Has anyone pulled their child from middle school math recently and home schooled using a different curriculum? Would appreciate hearing what curriculum others might have tried for middle school, if it had online delivery, and how things worked out. We already have a math tutor that we pay for but the school does not offer any other math help resources. This curriculum seems to place a very heavy burden on parents to provide help and support. We are….

-Math worried

Melissa Westbrook said...

Math worried, what you suggest can be done as I home-schooled one son for one semester in LA in middle school. I would suggest calling the homeschool center, Cascade Parent Partership, and asking them about it.

NNE Dad said...

NorthEnder - That's just it, you really can't find out much more about VNESS. They seem to be sort of the opposite of an astroturf group, a small body of individuals acting like they're a larger organization. All I can find is their Facebook page:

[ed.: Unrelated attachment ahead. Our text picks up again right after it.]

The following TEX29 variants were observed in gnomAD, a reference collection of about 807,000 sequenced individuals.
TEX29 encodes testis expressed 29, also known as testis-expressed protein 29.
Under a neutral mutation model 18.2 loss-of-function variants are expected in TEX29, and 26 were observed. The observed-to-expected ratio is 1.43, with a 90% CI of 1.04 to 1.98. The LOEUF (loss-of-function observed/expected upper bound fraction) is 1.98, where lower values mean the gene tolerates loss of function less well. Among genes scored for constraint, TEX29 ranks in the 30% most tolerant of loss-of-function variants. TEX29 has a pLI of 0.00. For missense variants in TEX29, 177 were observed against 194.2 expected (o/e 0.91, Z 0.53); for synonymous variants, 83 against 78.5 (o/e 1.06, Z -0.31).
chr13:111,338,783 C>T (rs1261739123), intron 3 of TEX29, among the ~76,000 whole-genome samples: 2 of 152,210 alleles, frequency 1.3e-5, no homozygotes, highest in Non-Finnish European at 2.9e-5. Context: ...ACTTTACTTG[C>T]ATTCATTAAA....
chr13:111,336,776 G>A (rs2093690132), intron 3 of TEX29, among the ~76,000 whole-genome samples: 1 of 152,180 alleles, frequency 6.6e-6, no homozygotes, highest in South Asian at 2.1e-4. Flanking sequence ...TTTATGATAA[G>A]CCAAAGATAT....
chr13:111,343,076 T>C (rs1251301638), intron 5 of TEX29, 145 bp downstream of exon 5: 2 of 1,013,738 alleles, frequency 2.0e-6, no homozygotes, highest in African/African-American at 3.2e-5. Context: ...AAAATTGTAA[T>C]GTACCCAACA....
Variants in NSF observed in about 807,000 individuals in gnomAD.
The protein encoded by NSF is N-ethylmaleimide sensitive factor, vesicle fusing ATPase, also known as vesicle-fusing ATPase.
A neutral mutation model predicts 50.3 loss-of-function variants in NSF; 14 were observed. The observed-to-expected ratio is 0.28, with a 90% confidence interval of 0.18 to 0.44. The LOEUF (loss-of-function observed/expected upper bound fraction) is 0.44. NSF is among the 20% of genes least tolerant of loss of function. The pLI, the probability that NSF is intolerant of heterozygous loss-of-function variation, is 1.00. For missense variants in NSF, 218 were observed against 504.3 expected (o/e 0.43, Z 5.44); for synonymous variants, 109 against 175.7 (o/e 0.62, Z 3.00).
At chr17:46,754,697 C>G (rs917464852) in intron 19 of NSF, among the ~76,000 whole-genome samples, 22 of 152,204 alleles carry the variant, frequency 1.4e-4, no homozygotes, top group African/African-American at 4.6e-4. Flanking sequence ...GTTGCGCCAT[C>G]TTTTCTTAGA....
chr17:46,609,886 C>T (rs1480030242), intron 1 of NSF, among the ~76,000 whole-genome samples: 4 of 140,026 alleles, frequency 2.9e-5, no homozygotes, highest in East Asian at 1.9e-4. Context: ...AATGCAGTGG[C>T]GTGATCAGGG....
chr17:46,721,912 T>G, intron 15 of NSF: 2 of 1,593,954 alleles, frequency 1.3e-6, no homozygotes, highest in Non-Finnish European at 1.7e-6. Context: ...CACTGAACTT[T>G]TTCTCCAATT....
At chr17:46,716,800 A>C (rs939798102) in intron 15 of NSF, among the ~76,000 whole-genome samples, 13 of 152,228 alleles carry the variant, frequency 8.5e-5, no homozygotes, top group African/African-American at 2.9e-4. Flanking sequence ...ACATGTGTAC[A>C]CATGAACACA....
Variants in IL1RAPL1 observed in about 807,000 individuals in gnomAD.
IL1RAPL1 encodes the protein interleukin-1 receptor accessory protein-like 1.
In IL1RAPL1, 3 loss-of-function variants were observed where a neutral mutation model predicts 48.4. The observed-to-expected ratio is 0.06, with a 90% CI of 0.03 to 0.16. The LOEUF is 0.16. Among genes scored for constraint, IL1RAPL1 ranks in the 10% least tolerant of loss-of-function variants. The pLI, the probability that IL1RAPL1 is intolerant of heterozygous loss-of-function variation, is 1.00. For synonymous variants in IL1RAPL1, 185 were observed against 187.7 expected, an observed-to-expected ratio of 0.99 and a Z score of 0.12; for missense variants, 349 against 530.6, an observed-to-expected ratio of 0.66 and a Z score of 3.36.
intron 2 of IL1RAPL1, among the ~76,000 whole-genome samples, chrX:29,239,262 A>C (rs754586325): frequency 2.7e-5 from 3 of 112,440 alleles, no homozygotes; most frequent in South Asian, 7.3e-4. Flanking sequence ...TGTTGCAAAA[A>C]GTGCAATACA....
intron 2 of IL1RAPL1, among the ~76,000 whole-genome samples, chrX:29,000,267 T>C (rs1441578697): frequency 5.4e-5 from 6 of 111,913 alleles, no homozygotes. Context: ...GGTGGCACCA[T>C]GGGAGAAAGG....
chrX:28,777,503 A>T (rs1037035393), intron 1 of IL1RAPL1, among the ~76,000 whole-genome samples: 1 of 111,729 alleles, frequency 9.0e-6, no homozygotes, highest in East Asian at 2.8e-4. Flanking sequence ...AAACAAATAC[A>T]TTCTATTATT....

They have "Core Members", but no other indication of a structure.

I was at the startup meeting in April. They indicated they wanted to start a coalition of all NE schools, but it quickly became clear it was being run by the usual Ravenna/Eckstein/APP activists. They completely assumed we all agreed with their agenda, basically that JAMS needed to start up as soon as possible, and that the last school board election was a disaster. We never voted on standing rules, or were even asked to introduce ourselves, come to think of it. I was never informed of a 2nd meeting. I think their map of NE Seattle ends at about 85th.